Posts filed under ‘innovation’

Google Innovation – The 16 Principles

A while back I posted on Douglas Merrill’s talk about innovation at Google. I have to say I was a bit disappointed in that talk – I didn’t really take away any clear messages to apply to my own work. Recently however, Jonathan Rosenberg, Senior Vice President of Product Management and Marketing at Google, delivered a fantastic talk at his alma mater, Claremont McKenna College, called Inside the Black Box: Technical Innovation at Google. Jonathan gave a very compelling talk outlining 16 key principles to innovation at Google. This outstanding talk is well worth the time. Watch the video to understand these principles more fully.

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  1. Hire the Best
  2. Ideas Come From Anywhere
  3. Practice Sharing & Openness Fully
  4. Morph, Don’t Kill, Ideas
  5. Users Come First, Not Money
  6. Data Drives Decisions
  7. Iterate a Product (don’t use a Project Plan)
  8. Make Your Vision Simple, Understandable and Share It With All
  9. 20% Time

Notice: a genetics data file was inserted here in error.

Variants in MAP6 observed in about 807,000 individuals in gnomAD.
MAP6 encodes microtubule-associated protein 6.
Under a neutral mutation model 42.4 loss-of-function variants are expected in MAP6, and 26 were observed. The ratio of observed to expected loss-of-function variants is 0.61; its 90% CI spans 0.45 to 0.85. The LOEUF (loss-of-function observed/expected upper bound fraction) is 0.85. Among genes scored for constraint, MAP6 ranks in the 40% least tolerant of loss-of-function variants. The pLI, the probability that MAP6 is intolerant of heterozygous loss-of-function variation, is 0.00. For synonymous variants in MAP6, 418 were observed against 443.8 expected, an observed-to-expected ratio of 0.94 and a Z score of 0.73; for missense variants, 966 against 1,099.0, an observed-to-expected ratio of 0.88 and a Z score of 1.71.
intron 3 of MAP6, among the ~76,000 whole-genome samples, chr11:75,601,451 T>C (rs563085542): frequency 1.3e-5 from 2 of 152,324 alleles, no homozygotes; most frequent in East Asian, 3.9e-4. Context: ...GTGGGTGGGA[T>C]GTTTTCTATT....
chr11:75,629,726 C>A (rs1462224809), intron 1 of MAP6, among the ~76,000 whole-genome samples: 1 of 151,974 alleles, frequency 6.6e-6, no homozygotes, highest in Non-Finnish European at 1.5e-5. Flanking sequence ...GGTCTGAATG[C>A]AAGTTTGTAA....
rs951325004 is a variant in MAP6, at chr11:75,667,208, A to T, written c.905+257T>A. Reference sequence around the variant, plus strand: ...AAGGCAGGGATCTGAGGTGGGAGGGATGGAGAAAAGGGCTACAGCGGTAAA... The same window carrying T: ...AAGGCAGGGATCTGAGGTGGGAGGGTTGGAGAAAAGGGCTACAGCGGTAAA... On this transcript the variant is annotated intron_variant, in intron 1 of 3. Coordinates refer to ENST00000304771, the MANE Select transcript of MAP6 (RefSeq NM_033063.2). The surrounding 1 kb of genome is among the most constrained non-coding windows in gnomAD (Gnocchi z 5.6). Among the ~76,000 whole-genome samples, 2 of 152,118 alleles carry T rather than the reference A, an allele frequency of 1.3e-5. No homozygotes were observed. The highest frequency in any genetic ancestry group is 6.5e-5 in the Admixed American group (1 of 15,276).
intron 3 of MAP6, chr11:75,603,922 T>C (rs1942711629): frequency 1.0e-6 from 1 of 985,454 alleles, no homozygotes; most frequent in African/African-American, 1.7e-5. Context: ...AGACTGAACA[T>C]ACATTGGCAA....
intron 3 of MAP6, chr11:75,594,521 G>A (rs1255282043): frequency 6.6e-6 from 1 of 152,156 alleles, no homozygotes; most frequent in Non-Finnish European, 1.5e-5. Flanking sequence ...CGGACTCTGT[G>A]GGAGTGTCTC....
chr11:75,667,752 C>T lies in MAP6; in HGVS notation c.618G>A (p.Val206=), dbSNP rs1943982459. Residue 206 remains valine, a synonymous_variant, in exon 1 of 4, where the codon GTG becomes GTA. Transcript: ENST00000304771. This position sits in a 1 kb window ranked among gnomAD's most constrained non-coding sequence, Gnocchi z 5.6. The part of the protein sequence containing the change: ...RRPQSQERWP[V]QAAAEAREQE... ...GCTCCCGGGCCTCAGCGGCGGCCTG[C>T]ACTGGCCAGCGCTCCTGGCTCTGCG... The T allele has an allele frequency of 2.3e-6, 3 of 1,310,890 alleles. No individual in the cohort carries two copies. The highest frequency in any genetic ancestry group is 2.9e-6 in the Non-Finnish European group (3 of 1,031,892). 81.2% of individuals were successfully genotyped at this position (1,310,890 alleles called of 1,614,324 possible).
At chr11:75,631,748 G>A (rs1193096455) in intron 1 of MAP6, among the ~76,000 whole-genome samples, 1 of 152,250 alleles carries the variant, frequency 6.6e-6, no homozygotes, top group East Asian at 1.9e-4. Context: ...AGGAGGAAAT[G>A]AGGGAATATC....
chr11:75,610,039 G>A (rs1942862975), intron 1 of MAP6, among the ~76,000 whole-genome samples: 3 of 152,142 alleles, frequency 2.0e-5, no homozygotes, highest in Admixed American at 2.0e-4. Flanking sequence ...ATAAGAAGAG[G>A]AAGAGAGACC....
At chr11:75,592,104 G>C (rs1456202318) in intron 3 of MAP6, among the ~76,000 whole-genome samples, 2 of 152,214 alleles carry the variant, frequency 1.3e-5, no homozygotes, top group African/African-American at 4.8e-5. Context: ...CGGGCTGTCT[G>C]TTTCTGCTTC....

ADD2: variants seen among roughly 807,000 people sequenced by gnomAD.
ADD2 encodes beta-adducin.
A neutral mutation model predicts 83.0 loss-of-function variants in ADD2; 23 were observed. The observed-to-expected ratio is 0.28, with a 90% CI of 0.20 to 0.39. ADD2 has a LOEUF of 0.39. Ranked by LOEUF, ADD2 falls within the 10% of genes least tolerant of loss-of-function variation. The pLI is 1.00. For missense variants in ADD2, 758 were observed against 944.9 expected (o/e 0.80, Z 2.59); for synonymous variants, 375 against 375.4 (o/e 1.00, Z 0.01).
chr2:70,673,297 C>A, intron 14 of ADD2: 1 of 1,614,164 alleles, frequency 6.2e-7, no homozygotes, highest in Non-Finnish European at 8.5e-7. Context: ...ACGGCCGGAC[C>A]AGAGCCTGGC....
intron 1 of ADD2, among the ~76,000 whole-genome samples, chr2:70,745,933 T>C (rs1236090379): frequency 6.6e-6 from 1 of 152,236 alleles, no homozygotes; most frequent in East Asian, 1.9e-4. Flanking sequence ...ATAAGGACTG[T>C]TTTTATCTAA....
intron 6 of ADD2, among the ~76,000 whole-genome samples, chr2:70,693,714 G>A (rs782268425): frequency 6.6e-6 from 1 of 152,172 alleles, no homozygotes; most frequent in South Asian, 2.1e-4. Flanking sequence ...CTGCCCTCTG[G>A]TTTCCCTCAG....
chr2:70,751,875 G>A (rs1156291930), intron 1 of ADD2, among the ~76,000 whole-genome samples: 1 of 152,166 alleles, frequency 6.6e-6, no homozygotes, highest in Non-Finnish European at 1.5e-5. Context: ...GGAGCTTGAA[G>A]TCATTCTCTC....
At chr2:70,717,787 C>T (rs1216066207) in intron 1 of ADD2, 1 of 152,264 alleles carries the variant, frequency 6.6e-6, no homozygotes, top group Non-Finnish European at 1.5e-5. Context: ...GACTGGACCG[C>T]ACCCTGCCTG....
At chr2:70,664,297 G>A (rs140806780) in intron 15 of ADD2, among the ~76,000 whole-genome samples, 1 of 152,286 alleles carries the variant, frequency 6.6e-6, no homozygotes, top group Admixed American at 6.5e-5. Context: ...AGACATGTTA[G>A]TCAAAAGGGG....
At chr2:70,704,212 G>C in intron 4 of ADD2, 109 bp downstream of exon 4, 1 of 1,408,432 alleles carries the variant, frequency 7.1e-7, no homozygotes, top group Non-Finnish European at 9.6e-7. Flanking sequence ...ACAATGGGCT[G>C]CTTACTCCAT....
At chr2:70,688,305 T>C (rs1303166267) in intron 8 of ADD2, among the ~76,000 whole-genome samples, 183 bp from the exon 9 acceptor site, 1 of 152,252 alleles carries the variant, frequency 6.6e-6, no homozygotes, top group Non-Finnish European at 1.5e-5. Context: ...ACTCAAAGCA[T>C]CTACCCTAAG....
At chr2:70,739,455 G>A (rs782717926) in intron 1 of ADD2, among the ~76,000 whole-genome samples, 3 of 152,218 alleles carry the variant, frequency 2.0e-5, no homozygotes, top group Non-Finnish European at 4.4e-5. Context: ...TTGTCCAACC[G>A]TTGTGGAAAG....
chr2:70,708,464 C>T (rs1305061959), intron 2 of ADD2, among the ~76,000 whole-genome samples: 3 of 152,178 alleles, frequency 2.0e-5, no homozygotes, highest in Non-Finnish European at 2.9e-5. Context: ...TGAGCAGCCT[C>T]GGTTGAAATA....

10. Think BIG
  11. Bet on a Trend, or Fall Victim to It
  12. Accept a Smaller Piece of a Larger Pie
  13. Feed the Winners, Starve the Losers
  14. Avoid Hippos (highest paid person’s opinion)
  15. Never Surrender to Lawyers, Auditors, or Bureaucrats
  16. Reward Innovation
  17. Learn How to Learn (a 17th extra principle)

March 20, 2008 at 6:30 pm 1 comment

How to Start a Social Movement

eggers Dave Eggers was recently noted in Time magazine as one of the Time 100: “Many writers, having written a first best-seller, might see it as a nice way to start a career. Dave Eggers, 35, started a movement instead.”

He is successful writer, publisher, as well as philanthropist and teacher-at-large. Dave recently won a TED Prize and described his work in setting up a variety of tutoring labs across the country. His talk is now online. A very entertaining and uplifting talk.